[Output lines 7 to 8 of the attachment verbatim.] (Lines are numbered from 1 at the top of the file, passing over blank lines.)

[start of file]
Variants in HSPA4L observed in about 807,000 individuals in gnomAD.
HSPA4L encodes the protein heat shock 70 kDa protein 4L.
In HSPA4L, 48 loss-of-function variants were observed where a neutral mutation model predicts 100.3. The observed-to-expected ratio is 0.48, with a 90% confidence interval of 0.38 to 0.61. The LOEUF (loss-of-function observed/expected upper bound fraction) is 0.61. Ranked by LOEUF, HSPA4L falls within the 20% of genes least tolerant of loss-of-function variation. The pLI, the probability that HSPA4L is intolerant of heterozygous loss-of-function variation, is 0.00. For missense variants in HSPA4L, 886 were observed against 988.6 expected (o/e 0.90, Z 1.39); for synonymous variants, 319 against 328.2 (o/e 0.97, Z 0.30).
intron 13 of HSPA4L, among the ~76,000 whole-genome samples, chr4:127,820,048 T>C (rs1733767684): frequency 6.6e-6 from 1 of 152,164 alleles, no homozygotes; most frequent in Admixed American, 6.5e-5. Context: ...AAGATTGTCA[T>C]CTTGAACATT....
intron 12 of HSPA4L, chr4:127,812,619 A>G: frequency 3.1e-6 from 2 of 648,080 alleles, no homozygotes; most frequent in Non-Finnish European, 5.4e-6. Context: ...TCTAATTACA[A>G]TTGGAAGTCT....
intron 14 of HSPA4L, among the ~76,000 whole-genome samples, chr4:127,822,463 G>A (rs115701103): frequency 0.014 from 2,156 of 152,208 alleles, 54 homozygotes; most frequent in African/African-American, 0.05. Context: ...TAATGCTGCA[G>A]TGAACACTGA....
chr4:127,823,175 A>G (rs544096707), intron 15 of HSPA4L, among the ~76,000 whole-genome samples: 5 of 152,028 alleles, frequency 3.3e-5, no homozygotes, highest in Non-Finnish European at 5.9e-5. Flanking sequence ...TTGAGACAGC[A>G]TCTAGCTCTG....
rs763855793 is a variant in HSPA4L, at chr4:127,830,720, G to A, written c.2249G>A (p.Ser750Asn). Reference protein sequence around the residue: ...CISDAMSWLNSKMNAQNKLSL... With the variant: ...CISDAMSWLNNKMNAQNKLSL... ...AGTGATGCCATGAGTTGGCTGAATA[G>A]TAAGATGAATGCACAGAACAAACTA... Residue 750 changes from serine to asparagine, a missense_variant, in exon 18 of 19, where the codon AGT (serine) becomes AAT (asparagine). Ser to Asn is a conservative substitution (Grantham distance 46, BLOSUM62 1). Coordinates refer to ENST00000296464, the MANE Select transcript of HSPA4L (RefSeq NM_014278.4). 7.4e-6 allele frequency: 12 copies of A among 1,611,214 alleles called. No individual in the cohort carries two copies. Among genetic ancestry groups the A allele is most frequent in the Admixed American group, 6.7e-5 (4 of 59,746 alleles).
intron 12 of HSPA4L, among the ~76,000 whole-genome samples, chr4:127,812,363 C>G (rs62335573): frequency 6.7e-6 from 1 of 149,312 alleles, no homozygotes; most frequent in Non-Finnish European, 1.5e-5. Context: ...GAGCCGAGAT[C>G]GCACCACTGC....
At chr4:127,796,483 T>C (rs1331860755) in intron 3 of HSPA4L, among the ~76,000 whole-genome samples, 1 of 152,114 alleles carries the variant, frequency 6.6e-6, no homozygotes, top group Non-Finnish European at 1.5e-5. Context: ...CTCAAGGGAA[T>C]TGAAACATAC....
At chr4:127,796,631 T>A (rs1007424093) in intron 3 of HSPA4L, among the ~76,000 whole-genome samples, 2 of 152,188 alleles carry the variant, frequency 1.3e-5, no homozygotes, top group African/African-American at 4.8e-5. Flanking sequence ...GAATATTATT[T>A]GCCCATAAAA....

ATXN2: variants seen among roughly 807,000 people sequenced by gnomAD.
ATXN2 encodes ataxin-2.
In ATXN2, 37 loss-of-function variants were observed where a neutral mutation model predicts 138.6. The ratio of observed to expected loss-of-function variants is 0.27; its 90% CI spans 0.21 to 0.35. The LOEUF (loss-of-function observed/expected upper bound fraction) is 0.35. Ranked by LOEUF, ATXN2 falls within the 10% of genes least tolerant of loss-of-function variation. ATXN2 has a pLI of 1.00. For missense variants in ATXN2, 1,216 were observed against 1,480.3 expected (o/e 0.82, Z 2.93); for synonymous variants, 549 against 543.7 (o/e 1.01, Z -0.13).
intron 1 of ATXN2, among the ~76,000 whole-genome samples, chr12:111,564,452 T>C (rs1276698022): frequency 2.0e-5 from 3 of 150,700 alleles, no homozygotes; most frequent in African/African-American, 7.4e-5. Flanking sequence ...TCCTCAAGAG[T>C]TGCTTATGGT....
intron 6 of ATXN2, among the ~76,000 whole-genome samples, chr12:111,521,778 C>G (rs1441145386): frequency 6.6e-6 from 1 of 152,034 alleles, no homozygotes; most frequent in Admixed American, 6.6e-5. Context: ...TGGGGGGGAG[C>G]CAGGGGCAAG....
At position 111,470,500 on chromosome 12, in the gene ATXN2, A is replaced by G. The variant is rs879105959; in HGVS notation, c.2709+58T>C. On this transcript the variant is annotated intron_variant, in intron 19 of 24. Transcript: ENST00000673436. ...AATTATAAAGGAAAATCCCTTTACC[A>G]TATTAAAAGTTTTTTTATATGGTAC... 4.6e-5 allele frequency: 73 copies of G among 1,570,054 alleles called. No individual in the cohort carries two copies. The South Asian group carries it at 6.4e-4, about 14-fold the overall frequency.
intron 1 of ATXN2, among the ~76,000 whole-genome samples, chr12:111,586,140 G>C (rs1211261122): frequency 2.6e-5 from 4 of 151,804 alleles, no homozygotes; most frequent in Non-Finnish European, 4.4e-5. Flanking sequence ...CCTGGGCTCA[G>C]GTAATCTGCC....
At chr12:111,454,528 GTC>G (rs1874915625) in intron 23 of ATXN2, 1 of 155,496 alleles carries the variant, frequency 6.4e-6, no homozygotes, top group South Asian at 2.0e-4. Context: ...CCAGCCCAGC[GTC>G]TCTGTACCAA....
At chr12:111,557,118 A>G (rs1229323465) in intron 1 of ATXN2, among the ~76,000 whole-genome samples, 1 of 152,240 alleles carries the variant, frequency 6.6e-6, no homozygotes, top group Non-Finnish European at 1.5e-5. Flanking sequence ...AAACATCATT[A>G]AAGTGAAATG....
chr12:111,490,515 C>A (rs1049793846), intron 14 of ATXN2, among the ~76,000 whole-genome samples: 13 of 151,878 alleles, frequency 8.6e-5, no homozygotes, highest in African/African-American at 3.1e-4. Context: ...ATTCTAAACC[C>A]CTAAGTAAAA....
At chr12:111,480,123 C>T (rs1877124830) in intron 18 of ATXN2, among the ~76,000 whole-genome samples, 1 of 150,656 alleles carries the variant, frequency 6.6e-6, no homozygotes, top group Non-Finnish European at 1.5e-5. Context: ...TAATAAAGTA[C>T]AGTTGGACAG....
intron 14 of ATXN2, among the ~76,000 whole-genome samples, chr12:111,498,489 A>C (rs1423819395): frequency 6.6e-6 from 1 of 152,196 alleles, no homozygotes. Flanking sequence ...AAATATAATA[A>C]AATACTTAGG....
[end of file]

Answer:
chr4:127,823,175 A>G (rs544096707), intron 15 of HSPA4L, among the ~76,000 whole-genome samples: 5 of 152,028 alleles, frequency 3.3e-5, no homozygotes, highest in Non-Finnish European at 5.9e-5. Flanking sequence ...TTGAGACAGC[A>G]TCTAGCTCTG....
rs763855793 is a variant in HSPA4L, at chr4:127,830,720, G to A, written c.2249G>A (p.Ser750Asn). Reference protein sequence around the residue: ...CISDAMSWLNSKMNAQNKLSL... With the variant: ...CISDAMSWLNNKMNAQNKLSL... ...AGTGATGCCATGAGTTGGCTGAATA[G>A]TAAGATGAATGCACAGAACAAACTA... Residue 750 changes from serine to asparagine, a missense_variant, in exon 18 of 19, where the codon AGT (serine) becomes AAT (asparagine). Ser to Asn is a conservative substitution (Grantham distance 46, BLOSUM62 1). Coordinates refer to ENST00000296464, the MANE Select transcript of HSPA4L (RefSeq NM_014278.4). 7.4e-6 allele frequency: 12 copies of A among 1,611,214 alleles called. No individual in the cohort carries two copies. Among genetic ancestry groups the A allele is most frequent in the Admixed American group, 6.7e-5 (4 of 59,746 alleles).